When attorneys pick jurors (during the process known as “voir dire”) they invariably want to know if the person being questioned can be open-minded and fair. If the juror says he or she cannot be open-minded and is unwilling to let go of whatever preconceived notions they might have, they are routinely excused by the judge for obvious cause. The reason, of course, is that both the defendant and the judicial process demand that bias and prejudice not prevent a fair trial from taking place.
Every defendant is entitled to a jury of his or her peers. What they are not entitled to, though, is a jury of their friends. No defendant, regardless of the charge, would ever be convicted if their friends were on the panel that was called upon to judge their guilt.
To be sure, we all know the process is different. There’s no such thing as a “jury pool” in impeachment. The jury is the Senate and that’s just how it is. More likely than not, the two parties have already been at odds over the impeachment, so “partisan” is the process’ middle name.
Impeachment, as it was explaind by Alexander Hamilton of New York in Federalist 65, strictly deals with the “misconduct of public men, or in other words the abuse or violation of some public trust.”
Trump’s withholding of foreign aid to force another government to investigate a political rival was arguably both an abuse of public trust and an attempt to bride another politician (albeit foreign) into taking an action designed to benefit him. The fact that both sides interpret the same facts differently are precisely the reason a trial should be held, and certainly not a reason to decline to impeach.
The framers used the term “other high Crimes and Misdemeanors” in addition to the commonly understood “treason and bribery.” “High Crimes and Misdemeanors” was a very technical term borrowed from British law that clearly doesn’t really clarify what constitutes an impeachable offense.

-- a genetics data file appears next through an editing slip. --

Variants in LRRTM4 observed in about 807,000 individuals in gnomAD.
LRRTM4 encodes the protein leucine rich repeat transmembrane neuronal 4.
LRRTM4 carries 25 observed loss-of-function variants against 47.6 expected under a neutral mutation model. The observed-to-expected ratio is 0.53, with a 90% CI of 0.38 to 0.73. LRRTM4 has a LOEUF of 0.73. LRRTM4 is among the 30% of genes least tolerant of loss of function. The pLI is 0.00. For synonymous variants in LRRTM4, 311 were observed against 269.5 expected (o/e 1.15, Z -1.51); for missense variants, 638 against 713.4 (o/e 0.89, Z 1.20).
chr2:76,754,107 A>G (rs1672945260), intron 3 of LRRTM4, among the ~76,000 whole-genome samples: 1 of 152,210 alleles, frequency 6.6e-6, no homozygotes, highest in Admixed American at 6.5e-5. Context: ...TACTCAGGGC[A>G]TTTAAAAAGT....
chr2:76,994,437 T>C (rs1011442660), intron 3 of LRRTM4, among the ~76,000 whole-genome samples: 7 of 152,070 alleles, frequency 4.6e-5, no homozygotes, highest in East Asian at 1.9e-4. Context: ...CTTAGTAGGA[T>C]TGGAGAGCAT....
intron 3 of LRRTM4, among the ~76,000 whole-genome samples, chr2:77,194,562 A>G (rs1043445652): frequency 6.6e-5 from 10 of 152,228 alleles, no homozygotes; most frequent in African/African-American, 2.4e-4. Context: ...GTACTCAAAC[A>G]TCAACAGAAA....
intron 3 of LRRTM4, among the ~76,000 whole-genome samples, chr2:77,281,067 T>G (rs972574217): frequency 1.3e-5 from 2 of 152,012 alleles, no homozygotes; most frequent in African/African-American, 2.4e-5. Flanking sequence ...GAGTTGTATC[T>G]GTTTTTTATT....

What Trump did was clearly improper. People may argue about whether or not his actions rise to the “level” of a high crime or misdemeanor, but if it is arguable they did not, it is equally arguable that they did. The fact that the president did a 180 after his actions began surfacing don’t make them any less improper. Only blind loyalists to President Trump would argue that articles of impeachment, given the facts set forth, were not warranted.
The constitution gives prosecutorial power to the House of Representatives, but the Senate is responsible for saying ‘yea’ or ’nay.’ Twenty Republican Senators would have to vote for impeachment for a two-thirds majority favoring impeachment to exist. That won’t happen.
But the overriding idea expressed by the impeachment process in Article II is that behavior unbefitting the president should be addressed by the legislature. Principle, then, becomes important. The damage done to the image of the presidency becomes important. So all elected officials should approach the question of impeachment with the national interests foremost in mind. Some open-mindedness, then, is critical, so that the a fair appraisal of the evidence produces an informed, unbiased impeachment decision.
Graham, though, told CBS’ “Face the Nation” this past Sunday that he has “clearly made up” his mind about an impeachment trial. He said: “I don’t need any witnesses. . . . I’m not trying to pretend to be a fair juror here.”
Graham runs the powerful Judiciary Committee, so he’s in a crucial position as far as Trump is concerned, and he has promised to deep-six the impeachment inquiry.
“This thing will come to the Senate, and it will die quickly, and I will do everything I can to make it die quickly,” he said.
If it’s okay for Trump to threaten the withholding of foreign aid for potential personal gain, it will be okay for the next president to do so, too. And as for Graham, it’s one thing to know he’s going to vote based on his personal bias, and another to know he doesn’t mind saying so in public.
God bless the United States of America, huh?
Such is the arrogance of elective politics.